Archive for the tag Brutally Honest

Moving Towards Oblivion

I clearly remember when I first dreamed about a family. It was the day I read about WHO report and how homosexuality is not a mental disorder. Sitting in my bedroom I decided that I will get married to a guy, have a small house, have kid/s and a pet (mostly dog), and will live happily ever after.

Poem: Dress Man

first time I put a dress on no, not a dress shirt! a dress it had polka dots and flower pots a ribbon at the back to accentuate the waist or cut lunch some slack

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I once asked her what she identified as. She proceeded to tell me that while she identified as pansexual, she chose to tell people she was bisexual. At the time, this was a little tough for me to understand. However, over time, I began to understand why she did it.

A Day In The Life

When you - a straight person - visit a therapist, they won’t assume that all your problems stem from your sexuality. They are not going to confront you saying that “That bi thing you’re doing” is wrong and that you should stop being bi.

A Step Too Far

A majority of people are always interested in “that Pride Parade” but very rarely would they have a completely normal reaction to you being in any kind of relationship that is not a monogamous, heterosexual one; the only kind society completely accepts.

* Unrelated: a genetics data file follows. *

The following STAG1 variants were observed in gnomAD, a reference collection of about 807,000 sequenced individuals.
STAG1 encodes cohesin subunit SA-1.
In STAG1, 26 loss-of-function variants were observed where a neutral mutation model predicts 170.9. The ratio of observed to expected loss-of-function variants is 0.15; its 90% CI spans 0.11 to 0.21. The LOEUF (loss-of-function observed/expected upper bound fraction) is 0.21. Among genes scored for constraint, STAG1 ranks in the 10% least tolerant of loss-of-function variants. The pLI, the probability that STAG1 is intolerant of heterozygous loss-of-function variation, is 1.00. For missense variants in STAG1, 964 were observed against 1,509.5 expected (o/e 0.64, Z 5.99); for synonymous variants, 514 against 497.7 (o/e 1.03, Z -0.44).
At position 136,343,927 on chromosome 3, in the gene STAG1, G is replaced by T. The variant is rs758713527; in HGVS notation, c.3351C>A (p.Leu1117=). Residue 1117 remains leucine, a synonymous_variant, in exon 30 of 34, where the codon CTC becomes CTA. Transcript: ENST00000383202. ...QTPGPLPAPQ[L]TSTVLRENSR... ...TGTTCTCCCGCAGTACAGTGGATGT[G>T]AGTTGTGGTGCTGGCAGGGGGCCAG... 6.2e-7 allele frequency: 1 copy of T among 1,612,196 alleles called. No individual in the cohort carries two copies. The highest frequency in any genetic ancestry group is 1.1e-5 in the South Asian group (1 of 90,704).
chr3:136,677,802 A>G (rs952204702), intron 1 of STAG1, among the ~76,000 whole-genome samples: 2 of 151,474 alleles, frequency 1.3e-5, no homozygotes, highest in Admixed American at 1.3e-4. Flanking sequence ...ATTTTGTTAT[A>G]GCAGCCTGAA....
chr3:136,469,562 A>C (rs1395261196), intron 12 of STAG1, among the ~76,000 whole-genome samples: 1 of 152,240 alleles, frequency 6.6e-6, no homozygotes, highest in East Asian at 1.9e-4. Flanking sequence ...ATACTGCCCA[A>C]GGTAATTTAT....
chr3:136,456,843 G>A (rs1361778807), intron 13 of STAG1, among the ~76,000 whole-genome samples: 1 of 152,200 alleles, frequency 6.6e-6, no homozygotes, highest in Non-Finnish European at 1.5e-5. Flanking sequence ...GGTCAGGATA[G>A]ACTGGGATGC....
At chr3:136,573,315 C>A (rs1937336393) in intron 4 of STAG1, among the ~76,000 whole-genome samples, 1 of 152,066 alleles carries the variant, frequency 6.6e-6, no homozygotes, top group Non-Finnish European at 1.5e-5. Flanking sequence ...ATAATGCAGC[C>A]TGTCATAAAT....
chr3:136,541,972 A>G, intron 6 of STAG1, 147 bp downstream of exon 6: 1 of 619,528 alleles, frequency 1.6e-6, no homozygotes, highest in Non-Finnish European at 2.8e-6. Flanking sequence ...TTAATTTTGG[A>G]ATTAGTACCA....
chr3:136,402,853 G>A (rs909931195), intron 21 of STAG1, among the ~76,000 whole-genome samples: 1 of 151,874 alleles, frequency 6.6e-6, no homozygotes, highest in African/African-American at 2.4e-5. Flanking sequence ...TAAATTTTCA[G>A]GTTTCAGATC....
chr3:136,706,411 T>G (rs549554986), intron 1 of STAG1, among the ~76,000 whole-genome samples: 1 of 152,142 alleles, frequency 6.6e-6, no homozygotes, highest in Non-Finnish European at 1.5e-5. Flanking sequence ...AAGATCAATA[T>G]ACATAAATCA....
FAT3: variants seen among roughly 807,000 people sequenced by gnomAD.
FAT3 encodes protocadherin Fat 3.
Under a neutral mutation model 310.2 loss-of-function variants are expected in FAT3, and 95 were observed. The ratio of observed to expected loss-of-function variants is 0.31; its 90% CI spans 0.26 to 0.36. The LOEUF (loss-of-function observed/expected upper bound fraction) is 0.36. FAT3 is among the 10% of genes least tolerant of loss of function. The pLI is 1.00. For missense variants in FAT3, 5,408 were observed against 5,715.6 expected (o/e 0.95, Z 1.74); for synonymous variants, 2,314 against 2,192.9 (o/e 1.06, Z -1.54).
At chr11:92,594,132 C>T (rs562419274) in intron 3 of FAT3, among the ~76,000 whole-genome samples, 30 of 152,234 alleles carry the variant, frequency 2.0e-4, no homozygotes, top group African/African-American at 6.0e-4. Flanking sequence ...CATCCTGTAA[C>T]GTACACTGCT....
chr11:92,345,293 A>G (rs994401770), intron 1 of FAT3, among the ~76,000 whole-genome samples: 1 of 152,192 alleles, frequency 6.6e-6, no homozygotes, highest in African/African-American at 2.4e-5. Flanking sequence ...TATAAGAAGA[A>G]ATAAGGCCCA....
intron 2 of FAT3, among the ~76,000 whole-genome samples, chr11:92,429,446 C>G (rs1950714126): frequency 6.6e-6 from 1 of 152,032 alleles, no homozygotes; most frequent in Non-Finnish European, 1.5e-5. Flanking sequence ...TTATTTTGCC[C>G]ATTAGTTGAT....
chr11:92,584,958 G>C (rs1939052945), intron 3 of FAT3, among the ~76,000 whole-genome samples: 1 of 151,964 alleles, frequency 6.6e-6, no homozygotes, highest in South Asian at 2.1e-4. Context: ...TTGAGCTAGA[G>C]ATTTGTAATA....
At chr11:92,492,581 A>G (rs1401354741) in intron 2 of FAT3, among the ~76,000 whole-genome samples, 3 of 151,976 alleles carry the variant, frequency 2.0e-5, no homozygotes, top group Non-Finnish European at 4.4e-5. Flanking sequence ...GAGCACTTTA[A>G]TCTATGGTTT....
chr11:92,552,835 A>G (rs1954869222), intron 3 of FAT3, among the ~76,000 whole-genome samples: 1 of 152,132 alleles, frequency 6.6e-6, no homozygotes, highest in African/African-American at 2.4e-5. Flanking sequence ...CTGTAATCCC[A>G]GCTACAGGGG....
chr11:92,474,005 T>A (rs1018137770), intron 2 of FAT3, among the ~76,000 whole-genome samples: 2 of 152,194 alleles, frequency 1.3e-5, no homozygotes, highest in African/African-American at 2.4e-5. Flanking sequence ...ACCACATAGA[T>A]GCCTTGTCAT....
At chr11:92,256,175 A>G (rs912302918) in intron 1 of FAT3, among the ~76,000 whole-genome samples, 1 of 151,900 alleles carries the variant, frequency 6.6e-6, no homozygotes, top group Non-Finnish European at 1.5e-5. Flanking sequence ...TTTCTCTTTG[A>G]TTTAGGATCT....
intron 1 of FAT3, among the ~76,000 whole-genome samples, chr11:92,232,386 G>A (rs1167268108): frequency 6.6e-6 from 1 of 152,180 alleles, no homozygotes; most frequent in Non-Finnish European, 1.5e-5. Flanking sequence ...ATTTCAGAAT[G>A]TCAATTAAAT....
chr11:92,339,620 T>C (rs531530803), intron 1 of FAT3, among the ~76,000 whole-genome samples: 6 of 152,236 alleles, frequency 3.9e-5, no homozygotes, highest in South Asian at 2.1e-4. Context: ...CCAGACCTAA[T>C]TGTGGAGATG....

Not Just A Tin Man

What does it mean for men to embrace feminism? What does it mean when we ask for a feminist masculinity?

Graphic Story: Mine

She was born in the year 93 on a wintry morning inside a private hospital ward. She has no recollection of that day. Her grandma would tell her, “Your dad and I both jumped with joy when the nurse told us, ‘It’s a boy”.

Can I Call You Mine?

Upon hearing the clicking of the car door, I am startled, frightened even. But oh, it's just this one person I dote on. With furrowed brows and curiosity in their eyes, they sit beside me.

The Claustrophobic Closet And The Queer Quarter Life Crisis

As part of this study, a survey was conducted based on a sample size of 46 closeted queer Indians, between the ages of 16 to 25, to understand the nature of suppression of identity, how they believed it affected their personality development and what views they had regarding safety in the workspace.
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